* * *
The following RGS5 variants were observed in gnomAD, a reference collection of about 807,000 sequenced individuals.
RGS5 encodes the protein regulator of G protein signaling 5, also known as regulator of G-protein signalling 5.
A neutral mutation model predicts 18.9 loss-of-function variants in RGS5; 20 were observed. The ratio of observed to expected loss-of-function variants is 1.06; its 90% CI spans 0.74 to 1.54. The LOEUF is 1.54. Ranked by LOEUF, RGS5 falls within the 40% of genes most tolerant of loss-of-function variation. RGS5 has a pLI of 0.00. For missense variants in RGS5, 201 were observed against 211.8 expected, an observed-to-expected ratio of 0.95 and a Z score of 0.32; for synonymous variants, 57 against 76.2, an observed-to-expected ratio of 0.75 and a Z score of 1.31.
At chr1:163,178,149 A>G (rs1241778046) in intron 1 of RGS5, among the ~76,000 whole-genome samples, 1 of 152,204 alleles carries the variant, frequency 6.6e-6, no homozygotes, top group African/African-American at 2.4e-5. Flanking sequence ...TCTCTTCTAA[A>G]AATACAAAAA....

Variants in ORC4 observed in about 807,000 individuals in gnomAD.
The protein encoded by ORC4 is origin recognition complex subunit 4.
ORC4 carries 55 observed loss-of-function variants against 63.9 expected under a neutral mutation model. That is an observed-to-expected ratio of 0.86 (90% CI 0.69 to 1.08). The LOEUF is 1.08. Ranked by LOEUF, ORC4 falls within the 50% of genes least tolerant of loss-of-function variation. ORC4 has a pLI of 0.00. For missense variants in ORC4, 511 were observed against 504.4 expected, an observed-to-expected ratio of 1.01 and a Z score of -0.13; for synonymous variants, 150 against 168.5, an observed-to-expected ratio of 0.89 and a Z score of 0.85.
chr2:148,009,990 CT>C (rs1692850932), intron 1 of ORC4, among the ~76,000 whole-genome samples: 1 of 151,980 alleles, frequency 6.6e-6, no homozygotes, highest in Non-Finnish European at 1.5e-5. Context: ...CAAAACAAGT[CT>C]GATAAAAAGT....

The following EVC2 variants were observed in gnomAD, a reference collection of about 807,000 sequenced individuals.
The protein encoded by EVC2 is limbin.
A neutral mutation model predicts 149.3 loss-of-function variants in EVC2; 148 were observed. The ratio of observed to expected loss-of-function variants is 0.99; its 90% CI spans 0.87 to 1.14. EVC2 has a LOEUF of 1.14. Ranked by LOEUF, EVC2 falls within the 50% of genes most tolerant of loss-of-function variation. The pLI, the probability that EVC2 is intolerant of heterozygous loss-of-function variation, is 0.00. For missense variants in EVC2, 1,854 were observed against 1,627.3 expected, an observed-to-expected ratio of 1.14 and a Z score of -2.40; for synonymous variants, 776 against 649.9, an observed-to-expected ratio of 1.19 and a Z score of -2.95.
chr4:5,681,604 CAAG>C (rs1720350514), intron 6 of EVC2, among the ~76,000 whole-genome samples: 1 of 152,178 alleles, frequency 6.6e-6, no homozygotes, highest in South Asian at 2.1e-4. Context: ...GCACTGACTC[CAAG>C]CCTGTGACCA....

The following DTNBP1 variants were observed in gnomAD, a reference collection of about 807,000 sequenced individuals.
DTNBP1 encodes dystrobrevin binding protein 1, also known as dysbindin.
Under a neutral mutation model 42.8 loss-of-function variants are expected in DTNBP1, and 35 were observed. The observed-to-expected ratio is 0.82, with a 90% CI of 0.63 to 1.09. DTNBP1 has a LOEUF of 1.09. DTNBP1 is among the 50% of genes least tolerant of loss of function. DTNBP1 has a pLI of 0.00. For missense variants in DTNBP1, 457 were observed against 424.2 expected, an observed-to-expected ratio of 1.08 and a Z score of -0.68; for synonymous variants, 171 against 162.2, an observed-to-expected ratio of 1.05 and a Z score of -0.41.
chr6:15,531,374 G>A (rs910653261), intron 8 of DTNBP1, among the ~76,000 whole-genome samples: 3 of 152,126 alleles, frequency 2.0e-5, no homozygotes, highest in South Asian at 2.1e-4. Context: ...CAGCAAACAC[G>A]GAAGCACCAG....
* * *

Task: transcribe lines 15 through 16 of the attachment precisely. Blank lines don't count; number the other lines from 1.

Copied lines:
Under a neutral mutation model 42.8 loss-of-function variants are expected in DTNBP1, and 35 were observed. The observed-to-expected ratio is 0.82, with a 90% CI of 0.63 to 1.09. DTNBP1 has a LOEUF of 1.09. DTNBP1 is among the 50% of genes least tolerant of loss of function. DTNBP1 has a pLI of 0.00. For missense variants in DTNBP1, 457 were observed against 424.2 expected, an observed-to-expected ratio of 1.08 and a Z score of -0.68; for synonymous variants, 171 against 162.2, an observed-to-expected ratio of 1.05 and a Z score of -0.41.
chr6:15,531,374 G>A (rs910653261), intron 8 of DTNBP1, among the ~76,000 whole-genome samples: 3 of 152,126 alleles, frequency 2.0e-5, no homozygotes, highest in South Asian at 2.1e-4. Context: ...CAGCAAACAC[G>A]GAAGCACCAG....